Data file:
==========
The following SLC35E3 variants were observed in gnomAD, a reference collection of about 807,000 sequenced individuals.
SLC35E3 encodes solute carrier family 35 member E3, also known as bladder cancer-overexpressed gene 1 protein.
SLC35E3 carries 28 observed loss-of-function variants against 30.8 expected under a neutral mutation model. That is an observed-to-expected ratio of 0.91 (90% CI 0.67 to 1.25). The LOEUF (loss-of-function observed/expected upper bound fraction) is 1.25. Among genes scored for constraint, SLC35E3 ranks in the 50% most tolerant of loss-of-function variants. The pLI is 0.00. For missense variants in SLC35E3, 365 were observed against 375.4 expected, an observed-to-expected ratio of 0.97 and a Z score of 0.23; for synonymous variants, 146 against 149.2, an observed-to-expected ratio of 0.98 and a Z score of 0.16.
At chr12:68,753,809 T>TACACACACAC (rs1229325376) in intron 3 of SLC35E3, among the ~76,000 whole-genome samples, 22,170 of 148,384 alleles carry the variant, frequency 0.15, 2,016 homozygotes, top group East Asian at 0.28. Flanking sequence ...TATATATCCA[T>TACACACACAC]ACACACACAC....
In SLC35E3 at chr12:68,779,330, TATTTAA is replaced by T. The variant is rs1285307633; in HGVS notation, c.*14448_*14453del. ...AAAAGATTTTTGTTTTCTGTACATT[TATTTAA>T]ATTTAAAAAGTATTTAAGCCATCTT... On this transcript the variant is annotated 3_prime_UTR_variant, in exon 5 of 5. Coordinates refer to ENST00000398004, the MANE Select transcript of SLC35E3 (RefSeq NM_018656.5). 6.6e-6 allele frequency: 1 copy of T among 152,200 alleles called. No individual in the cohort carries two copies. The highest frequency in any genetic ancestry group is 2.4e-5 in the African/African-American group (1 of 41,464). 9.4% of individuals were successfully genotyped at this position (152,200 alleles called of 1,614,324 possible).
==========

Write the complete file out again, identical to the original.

The following SLC35E3 variants were observed in gnomAD, a reference collection of about 807,000 sequenced individuals.
SLC35E3 encodes solute carrier family 35 member E3, also known as bladder cancer-overexpressed gene 1 protein.
SLC35E3 carries 28 observed loss-of-function variants against 30.8 expected under a neutral mutation model. That is an observed-to-expected ratio of 0.91 (90% CI 0.67 to 1.25). The LOEUF (loss-of-function observed/expected upper bound fraction) is 1.25. Among genes scored for constraint, SLC35E3 ranks in the 50% most tolerant of loss-of-function variants. The pLI is 0.00. For missense variants in SLC35E3, 365 were observed against 375.4 expected, an observed-to-expected ratio of 0.97 and a Z score of 0.23; for synonymous variants, 146 against 149.2, an observed-to-expected ratio of 0.98 and a Z score of 0.16.
At chr12:68,753,809 T>TACACACACAC (rs1229325376) in intron 3 of SLC35E3, among the ~76,000 whole-genome samples, 22,170 of 148,384 alleles carry the variant, frequency 0.15, 2,016 homozygotes, top group East Asian at 0.28. Flanking sequence ...TATATATCCA[T>TACACACACAC]ACACACACAC....
In SLC35E3 at chr12:68,779,330, TATTTAA is replaced by T. The variant is rs1285307633; in HGVS notation, c.*14448_*14453del. ...AAAAGATTTTTGTTTTCTGTACATT[TATTTAA>T]ATTTAAAAAGTATTTAAGCCATCTT... On this transcript the variant is annotated 3_prime_UTR_variant, in exon 5 of 5. Coordinates refer to ENST00000398004, the MANE Select transcript of SLC35E3 (RefSeq NM_018656.5). 6.6e-6 allele frequency: 1 copy of T among 152,200 alleles called. No individual in the cohort carries two copies. The highest frequency in any genetic ancestry group is 2.4e-5 in the African/African-American group (1 of 41,464). 9.4% of individuals were successfully genotyped at this position (152,200 alleles called of 1,614,324 possible).